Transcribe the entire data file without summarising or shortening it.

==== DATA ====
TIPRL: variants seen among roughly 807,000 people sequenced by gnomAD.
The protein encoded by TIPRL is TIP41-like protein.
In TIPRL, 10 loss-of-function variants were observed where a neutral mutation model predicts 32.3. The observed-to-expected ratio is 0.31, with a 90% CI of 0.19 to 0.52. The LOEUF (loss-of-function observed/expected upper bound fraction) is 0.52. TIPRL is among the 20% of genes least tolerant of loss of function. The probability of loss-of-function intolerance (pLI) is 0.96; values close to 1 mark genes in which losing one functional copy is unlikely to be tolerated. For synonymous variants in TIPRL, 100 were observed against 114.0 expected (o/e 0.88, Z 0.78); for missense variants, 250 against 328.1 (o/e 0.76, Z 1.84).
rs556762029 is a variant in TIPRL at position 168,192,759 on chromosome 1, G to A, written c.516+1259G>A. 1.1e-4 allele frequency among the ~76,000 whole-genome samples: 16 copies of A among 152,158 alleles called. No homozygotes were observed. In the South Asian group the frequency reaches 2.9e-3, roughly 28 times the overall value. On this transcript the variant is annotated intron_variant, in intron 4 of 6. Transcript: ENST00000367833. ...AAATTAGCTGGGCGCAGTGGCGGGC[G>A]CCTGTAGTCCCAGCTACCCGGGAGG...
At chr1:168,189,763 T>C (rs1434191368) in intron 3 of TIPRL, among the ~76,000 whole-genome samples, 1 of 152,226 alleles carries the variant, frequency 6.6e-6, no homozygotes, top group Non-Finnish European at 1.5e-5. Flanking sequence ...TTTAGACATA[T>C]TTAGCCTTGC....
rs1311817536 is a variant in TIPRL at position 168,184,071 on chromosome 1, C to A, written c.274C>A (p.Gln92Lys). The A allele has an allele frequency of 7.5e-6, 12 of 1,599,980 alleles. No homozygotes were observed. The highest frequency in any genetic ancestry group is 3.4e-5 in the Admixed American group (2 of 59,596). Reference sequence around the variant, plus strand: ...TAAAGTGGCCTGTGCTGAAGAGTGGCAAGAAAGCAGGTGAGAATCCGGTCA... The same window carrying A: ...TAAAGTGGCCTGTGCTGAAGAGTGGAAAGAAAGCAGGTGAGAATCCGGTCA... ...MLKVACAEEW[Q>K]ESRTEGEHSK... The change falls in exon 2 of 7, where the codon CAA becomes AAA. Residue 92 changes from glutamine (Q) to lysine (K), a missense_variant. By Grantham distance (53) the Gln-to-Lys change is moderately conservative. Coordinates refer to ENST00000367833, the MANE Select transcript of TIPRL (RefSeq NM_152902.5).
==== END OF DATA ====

TIPRL: variants seen among roughly 807,000 people sequenced by gnomAD.
The protein encoded by TIPRL is TIP41-like protein.
In TIPRL, 10 loss-of-function variants were observed where a neutral mutation model predicts 32.3. The observed-to-expected ratio is 0.31, with a 90% CI of 0.19 to 0.52. The LOEUF (loss-of-function observed/expected upper bound fraction) is 0.52. TIPRL is among the 20% of genes least tolerant of loss of function. The probability of loss-of-function intolerance (pLI) is 0.96; values close to 1 mark genes in which losing one functional copy is unlikely to be tolerated. For synonymous variants in TIPRL, 100 were observed against 114.0 expected (o/e 0.88, Z 0.78); for missense variants, 250 against 328.1 (o/e 0.76, Z 1.84).
rs556762029 is a variant in TIPRL at position 168,192,759 on chromosome 1, G to A, written c.516+1259G>A. 1.1e-4 allele frequency among the ~76,000 whole-genome samples: 16 copies of A among 152,158 alleles called. No homozygotes were observed. In the South Asian group the frequency reaches 2.9e-3, roughly 28 times the overall value. On this transcript the variant is annotated intron_variant, in intron 4 of 6. Transcript: ENST00000367833. ...AAATTAGCTGGGCGCAGTGGCGGGC[G>A]CCTGTAGTCCCAGCTACCCGGGAGG...
At chr1:168,189,763 T>C (rs1434191368) in intron 3 of TIPRL, among the ~76,000 whole-genome samples, 1 of 152,226 alleles carries the variant, frequency 6.6e-6, no homozygotes, top group Non-Finnish European at 1.5e-5. Flanking sequence ...TTTAGACATA[T>C]TTAGCCTTGC....
rs1311817536 is a variant in TIPRL at position 168,184,071 on chromosome 1, C to A, written c.274C>A (p.Gln92Lys). The A allele has an allele frequency of 7.5e-6, 12 of 1,599,980 alleles. No homozygotes were observed. The highest frequency in any genetic ancestry group is 3.4e-5 in the Admixed American group (2 of 59,596). Reference sequence around the variant, plus strand: ...TAAAGTGGCCTGTGCTGAAGAGTGGCAAGAAAGCAGGTGAGAATCCGGTCA... The same window carrying A: ...TAAAGTGGCCTGTGCTGAAGAGTGGAAAGAAAGCAGGTGAGAATCCGGTCA... ...MLKVACAEEW[Q>K]ESRTEGEHSK... The change falls in exon 2 of 7, where the codon CAA becomes AAA. Residue 92 changes from glutamine (Q) to lysine (K), a missense_variant. By Grantham distance (53) the Gln-to-Lys change is moderately conservative. Coordinates refer to ENST00000367833, the MANE Select transcript of TIPRL (RefSeq NM_152902.5).